Why did you choose a career in the industry?
I studied for a PhD in Visual Cognition and intended to pursue an academic career. I loved the research element and the opportunity to teach undergraduates and share my knowledge, but grew somewhat frustrated by the slow pace of the work – publication of research articles in academic journals often takes 6–9 months.
I wanted to work in a role where I could combine my people skills and ability to share knowledge in a role that was at the forefront of industry and where I could see the outcome of my actions more quickly – I certainly found that at BAE Systems Applied Intelligence!
What is a typical day like for you?
I get in at around 8am and usually start by checking my emails and looking ahead to see which meetings are in the diary for that day and the rest of the week. Each day I work closely with our Project Managers, Service Delivery Managers and Delivery Director to ensure our projects are delivered on time, at cost and to the agreed level of quality.
I manage project finances by eliciting forecasts from Project Managers, combining this with spend to date and then analyse what that means for our profit margins. It’s not unusual for me to speak to clients and subcontractors to enquire about invoice payment dates.
I often deliver training to colleagues on best practice and our tools and templates, and was asked to be a ‘superuser’ for our new finance system. Each month I am responsible for generating a portfolio view of the finances for all projects in my area of the business, and then briefing our Delivery Director on any changes from the previous month, as well as highlighting any projects that have financial issues worth exploring.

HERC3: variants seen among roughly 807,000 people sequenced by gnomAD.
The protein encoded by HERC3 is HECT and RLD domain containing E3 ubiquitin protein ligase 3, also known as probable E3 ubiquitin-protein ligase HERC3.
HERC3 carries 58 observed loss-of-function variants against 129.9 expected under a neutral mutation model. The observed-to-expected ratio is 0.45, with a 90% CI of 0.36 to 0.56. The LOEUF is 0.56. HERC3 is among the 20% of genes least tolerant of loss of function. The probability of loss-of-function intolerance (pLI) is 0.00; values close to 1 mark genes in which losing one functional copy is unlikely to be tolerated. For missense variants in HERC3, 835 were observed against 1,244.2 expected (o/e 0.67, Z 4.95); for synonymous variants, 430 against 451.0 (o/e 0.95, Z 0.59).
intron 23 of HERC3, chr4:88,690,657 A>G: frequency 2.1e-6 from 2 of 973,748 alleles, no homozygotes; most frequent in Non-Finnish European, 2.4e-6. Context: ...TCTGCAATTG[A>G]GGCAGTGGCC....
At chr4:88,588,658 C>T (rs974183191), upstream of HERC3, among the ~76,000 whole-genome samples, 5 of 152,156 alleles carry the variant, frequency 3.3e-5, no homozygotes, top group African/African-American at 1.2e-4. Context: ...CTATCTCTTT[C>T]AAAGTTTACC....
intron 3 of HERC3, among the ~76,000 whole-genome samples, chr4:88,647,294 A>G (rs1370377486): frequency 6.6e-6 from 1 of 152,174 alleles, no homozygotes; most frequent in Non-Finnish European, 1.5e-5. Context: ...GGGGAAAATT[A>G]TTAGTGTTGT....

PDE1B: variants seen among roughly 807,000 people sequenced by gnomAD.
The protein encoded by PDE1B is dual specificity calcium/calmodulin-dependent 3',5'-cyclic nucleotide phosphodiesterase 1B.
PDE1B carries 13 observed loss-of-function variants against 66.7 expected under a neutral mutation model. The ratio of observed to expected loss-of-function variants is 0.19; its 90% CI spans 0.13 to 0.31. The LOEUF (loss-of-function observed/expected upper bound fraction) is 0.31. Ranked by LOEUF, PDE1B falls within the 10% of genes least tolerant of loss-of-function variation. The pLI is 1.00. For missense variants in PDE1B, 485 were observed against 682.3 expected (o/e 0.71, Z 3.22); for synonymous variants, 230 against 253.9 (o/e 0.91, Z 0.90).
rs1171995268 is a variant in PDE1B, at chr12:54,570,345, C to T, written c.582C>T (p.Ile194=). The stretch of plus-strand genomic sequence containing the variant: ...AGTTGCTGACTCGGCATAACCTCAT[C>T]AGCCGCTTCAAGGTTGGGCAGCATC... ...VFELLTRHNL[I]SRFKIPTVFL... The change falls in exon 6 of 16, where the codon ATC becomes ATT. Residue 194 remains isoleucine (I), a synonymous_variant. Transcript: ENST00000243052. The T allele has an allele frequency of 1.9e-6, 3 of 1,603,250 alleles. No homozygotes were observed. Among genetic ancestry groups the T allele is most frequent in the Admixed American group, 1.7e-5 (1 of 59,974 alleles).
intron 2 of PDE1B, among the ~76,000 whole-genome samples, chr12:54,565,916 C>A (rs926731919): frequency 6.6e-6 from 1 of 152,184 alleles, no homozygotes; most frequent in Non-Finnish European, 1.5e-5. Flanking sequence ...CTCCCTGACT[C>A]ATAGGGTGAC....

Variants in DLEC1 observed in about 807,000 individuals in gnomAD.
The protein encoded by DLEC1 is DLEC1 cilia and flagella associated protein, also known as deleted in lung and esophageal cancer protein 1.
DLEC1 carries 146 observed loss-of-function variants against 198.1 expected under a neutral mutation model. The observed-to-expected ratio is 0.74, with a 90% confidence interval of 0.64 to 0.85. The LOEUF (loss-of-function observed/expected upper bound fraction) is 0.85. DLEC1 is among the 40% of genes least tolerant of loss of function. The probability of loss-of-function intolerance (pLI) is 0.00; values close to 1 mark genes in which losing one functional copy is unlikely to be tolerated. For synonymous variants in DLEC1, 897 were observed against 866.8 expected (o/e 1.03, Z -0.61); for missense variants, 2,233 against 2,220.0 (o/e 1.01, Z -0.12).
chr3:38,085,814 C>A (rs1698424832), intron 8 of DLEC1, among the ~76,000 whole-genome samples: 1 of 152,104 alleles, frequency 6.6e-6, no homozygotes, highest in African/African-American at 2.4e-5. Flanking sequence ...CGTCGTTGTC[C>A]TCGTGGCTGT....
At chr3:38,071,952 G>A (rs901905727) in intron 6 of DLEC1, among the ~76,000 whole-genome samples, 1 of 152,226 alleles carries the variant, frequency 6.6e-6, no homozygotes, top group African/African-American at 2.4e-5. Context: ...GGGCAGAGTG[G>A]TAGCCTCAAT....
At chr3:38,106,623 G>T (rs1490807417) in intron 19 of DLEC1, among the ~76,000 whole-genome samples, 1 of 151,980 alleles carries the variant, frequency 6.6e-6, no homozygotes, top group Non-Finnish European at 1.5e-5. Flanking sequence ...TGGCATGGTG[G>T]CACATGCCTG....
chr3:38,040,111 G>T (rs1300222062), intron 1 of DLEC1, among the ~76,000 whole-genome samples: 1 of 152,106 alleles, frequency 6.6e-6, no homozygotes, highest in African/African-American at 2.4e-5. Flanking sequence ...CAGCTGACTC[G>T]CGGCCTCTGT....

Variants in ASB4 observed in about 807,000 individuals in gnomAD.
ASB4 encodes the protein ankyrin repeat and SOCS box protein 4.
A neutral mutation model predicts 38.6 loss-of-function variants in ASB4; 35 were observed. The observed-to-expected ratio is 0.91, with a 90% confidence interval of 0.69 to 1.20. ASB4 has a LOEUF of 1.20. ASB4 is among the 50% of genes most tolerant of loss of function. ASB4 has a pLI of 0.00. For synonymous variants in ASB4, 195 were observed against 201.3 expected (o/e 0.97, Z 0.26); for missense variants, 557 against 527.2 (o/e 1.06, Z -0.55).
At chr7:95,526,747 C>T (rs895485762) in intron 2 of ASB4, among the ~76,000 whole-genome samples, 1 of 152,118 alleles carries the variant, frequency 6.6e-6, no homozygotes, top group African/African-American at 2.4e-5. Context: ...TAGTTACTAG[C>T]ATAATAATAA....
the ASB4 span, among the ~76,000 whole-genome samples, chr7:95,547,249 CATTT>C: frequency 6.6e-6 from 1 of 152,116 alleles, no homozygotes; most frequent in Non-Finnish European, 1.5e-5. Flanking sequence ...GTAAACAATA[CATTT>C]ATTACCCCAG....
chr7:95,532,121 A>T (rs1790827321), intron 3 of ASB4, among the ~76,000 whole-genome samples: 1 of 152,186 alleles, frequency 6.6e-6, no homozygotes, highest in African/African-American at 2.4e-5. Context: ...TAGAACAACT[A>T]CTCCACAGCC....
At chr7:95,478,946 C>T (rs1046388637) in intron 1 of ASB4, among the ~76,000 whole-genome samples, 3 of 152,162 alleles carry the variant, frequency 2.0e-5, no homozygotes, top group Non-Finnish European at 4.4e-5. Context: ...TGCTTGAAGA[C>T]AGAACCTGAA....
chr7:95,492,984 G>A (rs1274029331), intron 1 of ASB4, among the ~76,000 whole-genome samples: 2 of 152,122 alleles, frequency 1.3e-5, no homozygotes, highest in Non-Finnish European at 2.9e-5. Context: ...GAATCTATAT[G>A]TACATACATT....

I also manage project risks and work closely with our technical staff to understand these risks, then work with Project Managers to agree how to manage the risks, and work out what sort of mitigating activities we might want to enact to control the risks. In other words, very varied!
What do you enjoy most about your job?
I enjoy the range of people and range of tasks that I encounter each day. My colleagues are interesting, intelligent and friendly which makes coming to work an enjoyable experience. I have the freedom to manage my own time and tackle the stimulating range of tasks in the best way I see fit.
What are the current challenges the industry faces?
The ongoing cyber threat from both individuals and more organised groups is a constant challenge to our company, albeit one that excites us and motivates us to come up with innovative and effective solutions.
Do you have any advice for anyone wanting to get into the industry?
Ensure you have a range of real-world skills you can offer employees, and are able to articulate them. Don’t worry about the specifics for now – you will learn those in your role. Focus on what you need to make a positive impact at interview and in your first few months.
Ask yourself: can I analyse data, understand trends in the data and be able to articulate those trends to others in a clear and succinct way? Can I write in a professional and formal manner? Can I stand up in front of people and explain difficult concepts in a clear and logical way? These are some of the building blocks that employers value, and they show that you can learn the job-specific skills as and when needed.